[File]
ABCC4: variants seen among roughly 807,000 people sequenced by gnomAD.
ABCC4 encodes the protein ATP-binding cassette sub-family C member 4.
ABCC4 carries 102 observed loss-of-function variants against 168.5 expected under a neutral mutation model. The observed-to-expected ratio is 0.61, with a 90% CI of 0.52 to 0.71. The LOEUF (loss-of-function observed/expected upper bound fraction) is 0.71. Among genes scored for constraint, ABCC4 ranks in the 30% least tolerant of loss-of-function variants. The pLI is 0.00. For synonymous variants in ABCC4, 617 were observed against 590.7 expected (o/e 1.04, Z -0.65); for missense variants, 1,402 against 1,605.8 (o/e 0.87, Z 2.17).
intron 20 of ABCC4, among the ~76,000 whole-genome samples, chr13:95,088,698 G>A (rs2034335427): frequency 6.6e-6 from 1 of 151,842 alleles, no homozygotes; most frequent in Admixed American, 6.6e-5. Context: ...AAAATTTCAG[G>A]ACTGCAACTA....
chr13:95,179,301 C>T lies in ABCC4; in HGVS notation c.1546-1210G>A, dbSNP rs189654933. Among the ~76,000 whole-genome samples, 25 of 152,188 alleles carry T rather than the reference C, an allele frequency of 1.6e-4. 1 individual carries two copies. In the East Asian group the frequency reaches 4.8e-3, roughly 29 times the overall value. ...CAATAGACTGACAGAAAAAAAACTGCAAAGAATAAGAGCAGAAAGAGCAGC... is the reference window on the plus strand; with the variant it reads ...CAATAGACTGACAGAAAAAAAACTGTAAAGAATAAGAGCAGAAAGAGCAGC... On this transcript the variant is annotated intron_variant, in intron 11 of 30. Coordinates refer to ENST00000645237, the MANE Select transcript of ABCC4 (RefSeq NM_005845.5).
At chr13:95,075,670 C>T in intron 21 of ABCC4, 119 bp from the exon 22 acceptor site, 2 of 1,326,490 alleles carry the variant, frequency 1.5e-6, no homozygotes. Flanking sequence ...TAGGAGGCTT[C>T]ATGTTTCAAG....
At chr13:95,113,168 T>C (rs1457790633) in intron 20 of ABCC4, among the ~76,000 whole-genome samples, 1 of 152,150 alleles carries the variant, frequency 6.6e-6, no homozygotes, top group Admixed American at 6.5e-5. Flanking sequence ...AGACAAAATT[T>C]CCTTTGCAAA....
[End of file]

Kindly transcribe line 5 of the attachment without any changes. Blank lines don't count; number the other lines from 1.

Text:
chr13:95,179,301 C>T lies in ABCC4; in HGVS notation c.1546-1210G>A, dbSNP rs189654933. Among the ~76,000 whole-genome samples, 25 of 152,188 alleles carry T rather than the reference C, an allele frequency of 1.6e-4. 1 individual carries two copies. In the East Asian group the frequency reaches 4.8e-3, roughly 29 times the overall value. ...CAATAGACTGACAGAAAAAAAACTGCAAAGAATAAGAGCAGAAAGAGCAGC... is the reference window on the plus strand; with the variant it reads ...CAATAGACTGACAGAAAAAAAACTGTAAAGAATAAGAGCAGAAAGAGCAGC... On this transcript the variant is annotated intron_variant, in intron 11 of 30. Coordinates refer to ENST00000645237, the MANE Select transcript of ABCC4 (RefSeq NM_005845.5).